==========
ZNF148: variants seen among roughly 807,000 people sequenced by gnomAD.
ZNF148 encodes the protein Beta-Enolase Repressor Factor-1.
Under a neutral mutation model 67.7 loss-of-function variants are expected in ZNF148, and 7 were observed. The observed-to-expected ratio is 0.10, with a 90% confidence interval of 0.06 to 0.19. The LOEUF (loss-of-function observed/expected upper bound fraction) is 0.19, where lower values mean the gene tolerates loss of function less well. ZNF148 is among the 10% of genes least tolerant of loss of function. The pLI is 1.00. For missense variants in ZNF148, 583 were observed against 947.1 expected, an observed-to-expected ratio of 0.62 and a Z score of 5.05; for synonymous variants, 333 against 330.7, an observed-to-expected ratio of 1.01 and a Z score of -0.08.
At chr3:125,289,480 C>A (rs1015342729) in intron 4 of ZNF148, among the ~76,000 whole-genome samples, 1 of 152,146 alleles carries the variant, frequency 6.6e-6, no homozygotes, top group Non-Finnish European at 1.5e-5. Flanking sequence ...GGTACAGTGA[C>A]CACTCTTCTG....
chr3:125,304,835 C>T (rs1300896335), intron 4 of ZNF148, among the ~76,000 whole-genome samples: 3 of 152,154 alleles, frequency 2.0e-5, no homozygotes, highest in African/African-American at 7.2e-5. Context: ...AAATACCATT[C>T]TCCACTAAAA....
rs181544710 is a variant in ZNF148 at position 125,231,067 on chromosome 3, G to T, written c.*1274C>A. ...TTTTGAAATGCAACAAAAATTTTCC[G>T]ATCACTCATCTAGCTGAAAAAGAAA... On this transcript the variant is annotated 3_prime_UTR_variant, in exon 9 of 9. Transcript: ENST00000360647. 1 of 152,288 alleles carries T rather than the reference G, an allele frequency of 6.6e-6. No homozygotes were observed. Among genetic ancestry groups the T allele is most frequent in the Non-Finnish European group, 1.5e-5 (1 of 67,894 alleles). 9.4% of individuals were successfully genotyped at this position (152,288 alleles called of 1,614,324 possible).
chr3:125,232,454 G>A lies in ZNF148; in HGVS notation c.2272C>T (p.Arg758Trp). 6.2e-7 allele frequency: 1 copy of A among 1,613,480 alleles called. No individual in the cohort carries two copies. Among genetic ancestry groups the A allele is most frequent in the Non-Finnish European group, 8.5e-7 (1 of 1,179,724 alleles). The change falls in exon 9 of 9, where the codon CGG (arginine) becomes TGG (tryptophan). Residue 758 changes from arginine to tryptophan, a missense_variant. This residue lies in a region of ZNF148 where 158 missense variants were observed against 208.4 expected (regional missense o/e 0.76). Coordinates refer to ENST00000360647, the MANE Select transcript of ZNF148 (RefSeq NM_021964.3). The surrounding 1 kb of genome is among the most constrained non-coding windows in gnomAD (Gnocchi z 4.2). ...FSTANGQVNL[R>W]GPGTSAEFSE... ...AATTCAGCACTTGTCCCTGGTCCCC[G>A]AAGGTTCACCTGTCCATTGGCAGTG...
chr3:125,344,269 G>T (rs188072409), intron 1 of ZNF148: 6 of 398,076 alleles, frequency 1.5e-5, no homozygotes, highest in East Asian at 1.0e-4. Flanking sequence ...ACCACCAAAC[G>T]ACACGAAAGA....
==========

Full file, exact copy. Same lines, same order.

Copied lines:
ZNF148: variants seen among roughly 807,000 people sequenced by gnomAD.
ZNF148 encodes the protein Beta-Enolase Repressor Factor-1.
Under a neutral mutation model 67.7 loss-of-function variants are expected in ZNF148, and 7 were observed. The observed-to-expected ratio is 0.10, with a 90% confidence interval of 0.06 to 0.19. The LOEUF (loss-of-function observed/expected upper bound fraction) is 0.19, where lower values mean the gene tolerates loss of function less well. ZNF148 is among the 10% of genes least tolerant of loss of function. The pLI is 1.00. For missense variants in ZNF148, 583 were observed against 947.1 expected, an observed-to-expected ratio of 0.62 and a Z score of 5.05; for synonymous variants, 333 against 330.7, an observed-to-expected ratio of 1.01 and a Z score of -0.08.
At chr3:125,289,480 C>A (rs1015342729) in intron 4 of ZNF148, among the ~76,000 whole-genome samples, 1 of 152,146 alleles carries the variant, frequency 6.6e-6, no homozygotes, top group Non-Finnish European at 1.5e-5. Flanking sequence ...GGTACAGTGA[C>A]CACTCTTCTG....
chr3:125,304,835 C>T (rs1300896335), intron 4 of ZNF148, among the ~76,000 whole-genome samples: 3 of 152,154 alleles, frequency 2.0e-5, no homozygotes, highest in African/African-American at 7.2e-5. Context: ...AAATACCATT[C>T]TCCACTAAAA....
rs181544710 is a variant in ZNF148 at position 125,231,067 on chromosome 3, G to T, written c.*1274C>A. ...TTTTGAAATGCAACAAAAATTTTCC[G>T]ATCACTCATCTAGCTGAAAAAGAAA... On this transcript the variant is annotated 3_prime_UTR_variant, in exon 9 of 9. Transcript: ENST00000360647. 1 of 152,288 alleles carries T rather than the reference G, an allele frequency of 6.6e-6. No homozygotes were observed. Among genetic ancestry groups the T allele is most frequent in the Non-Finnish European group, 1.5e-5 (1 of 67,894 alleles). 9.4% of individuals were successfully genotyped at this position (152,288 alleles called of 1,614,324 possible).
chr3:125,232,454 G>A lies in ZNF148; in HGVS notation c.2272C>T (p.Arg758Trp). 6.2e-7 allele frequency: 1 copy of A among 1,613,480 alleles called. No individual in the cohort carries two copies. Among genetic ancestry groups the A allele is most frequent in the Non-Finnish European group, 8.5e-7 (1 of 1,179,724 alleles). The change falls in exon 9 of 9, where the codon CGG (arginine) becomes TGG (tryptophan). Residue 758 changes from arginine to tryptophan, a missense_variant. This residue lies in a region of ZNF148 where 158 missense variants were observed against 208.4 expected (regional missense o/e 0.76). Coordinates refer to ENST00000360647, the MANE Select transcript of ZNF148 (RefSeq NM_021964.3). The surrounding 1 kb of genome is among the most constrained non-coding windows in gnomAD (Gnocchi z 4.2). ...FSTANGQVNL[R>W]GPGTSAEFSE... ...AATTCAGCACTTGTCCCTGGTCCCC[G>A]AAGGTTCACCTGTCCATTGGCAGTG...
chr3:125,344,269 G>T (rs188072409), intron 1 of ZNF148: 6 of 398,076 alleles, frequency 1.5e-5, no homozygotes, highest in East Asian at 1.0e-4. Flanking sequence ...ACCACCAAAC[G>T]ACACGAAAGA....